Grimwood had no scale. The recipe called for weights, rather than measurements—so she had to guess the proper amount of ingredients to add. She didn’t have a stick blender, so she couldn’t mix the recipe of mainly fat and lye properly. She added lilac blossoms, which turned black. She left the concoction to set, and it turned into a soupy, vomity sort of stew that refused to solidify, even after two weeks, so she threw it out in the garden, turning the soil into a place where nothing grew.

All of which raises the question: why go to all that trouble, when you can just go over to Shoppers Drug Mart and get some soap?

“That question could apply to everything I do that I could just buy,” she says.

When she’s not plucking lilacs off the tree in the backyard to transform them into a bar of soap, Grimwood has been trying to write down some stories, to express her life through words as much as she does with her every day living.

Her latest is in the form of a letter to a famous novelist.

“I’ve been thinking really heavily about Joseph Boyden,” she says, of the award-winning Canadian author who has been at the middle of a hot literary debate after being accused of culturally appropriating his Indigenous identity.

“He says he has some Indigenous ancestry,” she says, “a small amount of Indigenous blood actually, but that it forms a large part of his identity.

“What troubles me about that,” she continues, “is that he doesn’t have the intergenerational experiences of people who do have Indigenous ancestry.

“I can’t say this for sure,” she says, “but if he doesn’t have this experience and the myriad of micro experiences that go along with it—both positive and negative—then he’s telling the wrong story. He’s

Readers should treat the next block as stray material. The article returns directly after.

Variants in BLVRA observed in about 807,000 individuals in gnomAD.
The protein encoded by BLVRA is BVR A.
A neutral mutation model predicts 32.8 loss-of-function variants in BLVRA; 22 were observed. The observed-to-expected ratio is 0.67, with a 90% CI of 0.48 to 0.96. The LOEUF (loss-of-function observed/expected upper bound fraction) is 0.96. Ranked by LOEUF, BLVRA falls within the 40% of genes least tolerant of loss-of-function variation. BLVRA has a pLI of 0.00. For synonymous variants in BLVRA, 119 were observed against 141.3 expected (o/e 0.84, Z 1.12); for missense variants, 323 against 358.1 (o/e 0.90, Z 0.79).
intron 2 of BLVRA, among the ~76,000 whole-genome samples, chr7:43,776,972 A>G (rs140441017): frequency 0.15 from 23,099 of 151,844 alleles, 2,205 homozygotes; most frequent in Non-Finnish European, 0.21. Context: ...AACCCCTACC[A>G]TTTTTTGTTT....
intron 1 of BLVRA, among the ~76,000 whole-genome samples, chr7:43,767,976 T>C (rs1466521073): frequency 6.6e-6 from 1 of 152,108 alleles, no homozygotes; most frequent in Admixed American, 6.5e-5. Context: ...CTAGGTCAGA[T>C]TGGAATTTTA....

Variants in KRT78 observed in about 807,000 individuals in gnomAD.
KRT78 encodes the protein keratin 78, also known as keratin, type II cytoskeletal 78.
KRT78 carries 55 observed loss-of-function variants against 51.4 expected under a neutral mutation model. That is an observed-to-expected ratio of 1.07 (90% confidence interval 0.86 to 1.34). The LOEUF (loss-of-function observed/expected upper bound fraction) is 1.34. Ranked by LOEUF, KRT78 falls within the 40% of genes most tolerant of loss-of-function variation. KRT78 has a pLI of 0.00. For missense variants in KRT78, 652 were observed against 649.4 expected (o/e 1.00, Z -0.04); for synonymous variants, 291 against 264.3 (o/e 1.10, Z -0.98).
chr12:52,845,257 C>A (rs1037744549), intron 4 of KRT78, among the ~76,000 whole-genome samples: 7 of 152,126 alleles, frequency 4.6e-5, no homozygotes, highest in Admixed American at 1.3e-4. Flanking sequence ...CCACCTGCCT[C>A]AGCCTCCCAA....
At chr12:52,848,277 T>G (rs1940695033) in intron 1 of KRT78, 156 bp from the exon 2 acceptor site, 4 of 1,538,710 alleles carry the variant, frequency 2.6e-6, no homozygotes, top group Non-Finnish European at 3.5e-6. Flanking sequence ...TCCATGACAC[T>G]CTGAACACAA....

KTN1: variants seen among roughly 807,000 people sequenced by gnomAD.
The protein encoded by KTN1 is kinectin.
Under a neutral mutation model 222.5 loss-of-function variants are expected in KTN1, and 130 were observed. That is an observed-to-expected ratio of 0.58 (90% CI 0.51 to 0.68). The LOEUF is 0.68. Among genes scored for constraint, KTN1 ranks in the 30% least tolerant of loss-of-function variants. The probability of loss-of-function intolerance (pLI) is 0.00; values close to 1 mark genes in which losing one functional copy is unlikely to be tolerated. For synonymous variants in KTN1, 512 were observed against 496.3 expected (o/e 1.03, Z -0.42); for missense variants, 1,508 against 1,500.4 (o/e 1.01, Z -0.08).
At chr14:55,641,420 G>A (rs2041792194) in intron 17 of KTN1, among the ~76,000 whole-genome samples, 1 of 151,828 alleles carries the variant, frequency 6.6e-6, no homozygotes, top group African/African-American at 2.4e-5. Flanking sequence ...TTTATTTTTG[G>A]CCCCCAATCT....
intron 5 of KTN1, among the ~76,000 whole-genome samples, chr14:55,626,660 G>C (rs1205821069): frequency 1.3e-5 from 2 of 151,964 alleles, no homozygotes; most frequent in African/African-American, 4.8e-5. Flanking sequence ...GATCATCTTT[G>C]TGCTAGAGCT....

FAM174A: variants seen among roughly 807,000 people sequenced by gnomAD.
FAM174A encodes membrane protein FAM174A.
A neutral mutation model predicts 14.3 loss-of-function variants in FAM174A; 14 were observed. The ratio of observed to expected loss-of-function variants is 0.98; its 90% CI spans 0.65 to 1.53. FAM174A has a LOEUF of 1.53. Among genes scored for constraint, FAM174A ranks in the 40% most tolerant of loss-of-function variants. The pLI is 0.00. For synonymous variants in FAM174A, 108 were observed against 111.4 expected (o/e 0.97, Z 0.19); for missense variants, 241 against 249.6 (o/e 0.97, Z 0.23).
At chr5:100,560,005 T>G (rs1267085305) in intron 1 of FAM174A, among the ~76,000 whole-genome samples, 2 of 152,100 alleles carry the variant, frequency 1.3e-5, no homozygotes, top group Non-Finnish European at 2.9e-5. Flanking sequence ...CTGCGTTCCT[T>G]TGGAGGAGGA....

telling Indigenous stories through the settler’s gaze. Telling our stories through that gaze was never right.

“There are great Metis writers, there are great First Nations writers, there are great Inuit writers who are telling the truth,” she adds. “One of Canada’s greatest problems is we don’t tell the truth. We tell comforting lies. This is 2017 and we are still not teaching our children in schools what actually happened, what actually birthed this nation, what our wealth in this nation was built on.

“The whole Dear Joseph Boyden letter I’m writing is the result of the fact that I am a Metis woman with white skin privilege,” continues Grimwood. “I can pass as white, my family passed, but passing comes at a cost. And I’m introducing my child back into her culture, and giving her what was denied me because it was safe.”

Why live a creative life? Why make the soap yourself?

“I just like to do things myself,” she says. “I always have. If I can do it myself, if I can be self-sufficient in that way. You see, that’s the thing: I don’t think of it as living a creative life. I just think of it as self-sufficiency.

“That’s why it’s important. Rather than going to someone else who has the same skill set as I do, I have the time to do it myself to my specifications… so having the ability to make something that I love completely—that’s important to me. And it’s easy to learn how to make something—or to be taught,” she adds. “I love the idea of traditional knowledge being passed along.”

About The Storytelling Project

On November 16, 2015, Calgary Arts Development hosted a working session with approximately 30 creative Calgarians from various walks of life. Many of the small working groups voiced the need to gather and share more stories of people living creative lives.

That need has turned into The Storytelling Project.

The Storytelling Project raises awareness about Calgarians who, by living creative lives, are making Calgary a better city, effecting positive change and enriching others’ lives.